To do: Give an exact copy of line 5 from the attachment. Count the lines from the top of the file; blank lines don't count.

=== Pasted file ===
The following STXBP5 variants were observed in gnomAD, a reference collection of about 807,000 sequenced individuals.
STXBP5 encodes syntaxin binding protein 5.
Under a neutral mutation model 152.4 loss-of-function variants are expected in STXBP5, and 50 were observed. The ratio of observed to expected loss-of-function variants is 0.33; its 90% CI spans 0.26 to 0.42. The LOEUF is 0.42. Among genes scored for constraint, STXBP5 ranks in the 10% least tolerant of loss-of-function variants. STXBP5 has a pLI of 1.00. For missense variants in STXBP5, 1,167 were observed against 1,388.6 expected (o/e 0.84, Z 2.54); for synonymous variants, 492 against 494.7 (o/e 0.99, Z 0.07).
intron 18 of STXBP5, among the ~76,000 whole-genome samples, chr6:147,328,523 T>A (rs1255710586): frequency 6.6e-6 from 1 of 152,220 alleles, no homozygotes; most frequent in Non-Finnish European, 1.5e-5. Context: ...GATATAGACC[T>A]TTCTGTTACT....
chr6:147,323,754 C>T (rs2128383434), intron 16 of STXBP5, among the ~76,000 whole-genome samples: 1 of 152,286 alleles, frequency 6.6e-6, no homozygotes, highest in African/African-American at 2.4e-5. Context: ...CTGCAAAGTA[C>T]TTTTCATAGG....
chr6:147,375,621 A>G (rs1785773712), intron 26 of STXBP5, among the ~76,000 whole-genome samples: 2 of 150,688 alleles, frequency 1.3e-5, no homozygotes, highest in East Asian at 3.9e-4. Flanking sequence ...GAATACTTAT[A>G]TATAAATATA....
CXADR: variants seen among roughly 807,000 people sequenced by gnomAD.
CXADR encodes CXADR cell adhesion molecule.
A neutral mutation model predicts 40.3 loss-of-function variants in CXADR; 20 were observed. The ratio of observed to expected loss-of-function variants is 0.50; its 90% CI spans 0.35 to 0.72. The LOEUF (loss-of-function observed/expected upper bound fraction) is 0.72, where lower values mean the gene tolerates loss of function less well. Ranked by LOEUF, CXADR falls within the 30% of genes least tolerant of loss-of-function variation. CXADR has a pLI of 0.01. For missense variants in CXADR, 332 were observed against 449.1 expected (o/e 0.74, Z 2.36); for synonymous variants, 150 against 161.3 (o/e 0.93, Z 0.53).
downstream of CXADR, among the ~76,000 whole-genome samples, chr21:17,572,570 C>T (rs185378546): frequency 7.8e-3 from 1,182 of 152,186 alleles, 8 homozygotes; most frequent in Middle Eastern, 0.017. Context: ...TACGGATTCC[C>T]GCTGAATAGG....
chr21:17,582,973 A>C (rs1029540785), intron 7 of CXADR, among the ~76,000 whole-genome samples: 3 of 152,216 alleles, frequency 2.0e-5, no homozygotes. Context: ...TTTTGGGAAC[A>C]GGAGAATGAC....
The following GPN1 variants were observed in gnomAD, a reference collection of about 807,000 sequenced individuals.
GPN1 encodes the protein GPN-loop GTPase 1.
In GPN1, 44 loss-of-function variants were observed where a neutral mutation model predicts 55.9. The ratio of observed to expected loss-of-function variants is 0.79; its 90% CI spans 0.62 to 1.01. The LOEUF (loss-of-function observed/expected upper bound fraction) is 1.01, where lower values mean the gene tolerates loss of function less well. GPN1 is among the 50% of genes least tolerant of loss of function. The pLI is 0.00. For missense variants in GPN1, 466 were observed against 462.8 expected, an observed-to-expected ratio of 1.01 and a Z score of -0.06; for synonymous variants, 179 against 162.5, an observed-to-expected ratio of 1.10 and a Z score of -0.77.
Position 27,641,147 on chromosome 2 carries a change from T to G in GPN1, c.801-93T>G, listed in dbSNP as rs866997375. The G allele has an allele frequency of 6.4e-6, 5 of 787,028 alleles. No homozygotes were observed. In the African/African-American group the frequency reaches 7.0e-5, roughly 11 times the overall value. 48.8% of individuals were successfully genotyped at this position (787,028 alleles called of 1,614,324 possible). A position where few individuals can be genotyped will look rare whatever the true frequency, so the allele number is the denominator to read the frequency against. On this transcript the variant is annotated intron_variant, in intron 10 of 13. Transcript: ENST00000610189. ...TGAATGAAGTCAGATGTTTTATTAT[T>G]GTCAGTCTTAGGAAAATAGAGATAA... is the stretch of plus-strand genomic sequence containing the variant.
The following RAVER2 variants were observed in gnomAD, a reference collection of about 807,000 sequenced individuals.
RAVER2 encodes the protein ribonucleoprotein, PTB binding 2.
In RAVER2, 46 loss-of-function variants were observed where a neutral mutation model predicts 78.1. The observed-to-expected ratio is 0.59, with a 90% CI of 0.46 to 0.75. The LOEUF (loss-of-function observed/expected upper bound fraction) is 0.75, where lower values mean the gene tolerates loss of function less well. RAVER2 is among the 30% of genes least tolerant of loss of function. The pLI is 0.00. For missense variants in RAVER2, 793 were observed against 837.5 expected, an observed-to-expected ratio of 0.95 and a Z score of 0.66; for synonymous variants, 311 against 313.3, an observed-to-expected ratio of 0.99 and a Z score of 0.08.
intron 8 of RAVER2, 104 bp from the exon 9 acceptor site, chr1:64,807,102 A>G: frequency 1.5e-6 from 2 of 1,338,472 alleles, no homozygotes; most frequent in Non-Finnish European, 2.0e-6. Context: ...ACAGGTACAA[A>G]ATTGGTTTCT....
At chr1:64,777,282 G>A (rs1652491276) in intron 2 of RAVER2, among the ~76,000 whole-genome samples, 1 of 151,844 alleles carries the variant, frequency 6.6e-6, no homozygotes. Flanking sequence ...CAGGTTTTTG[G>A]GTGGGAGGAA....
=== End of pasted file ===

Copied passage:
chr6:147,323,754 C>T (rs2128383434), intron 16 of STXBP5, among the ~76,000 whole-genome samples: 1 of 152,286 alleles, frequency 6.6e-6, no homozygotes, highest in African/African-American at 2.4e-5. Context: ...CTGCAAAGTA[C>T]TTTTCATAGG....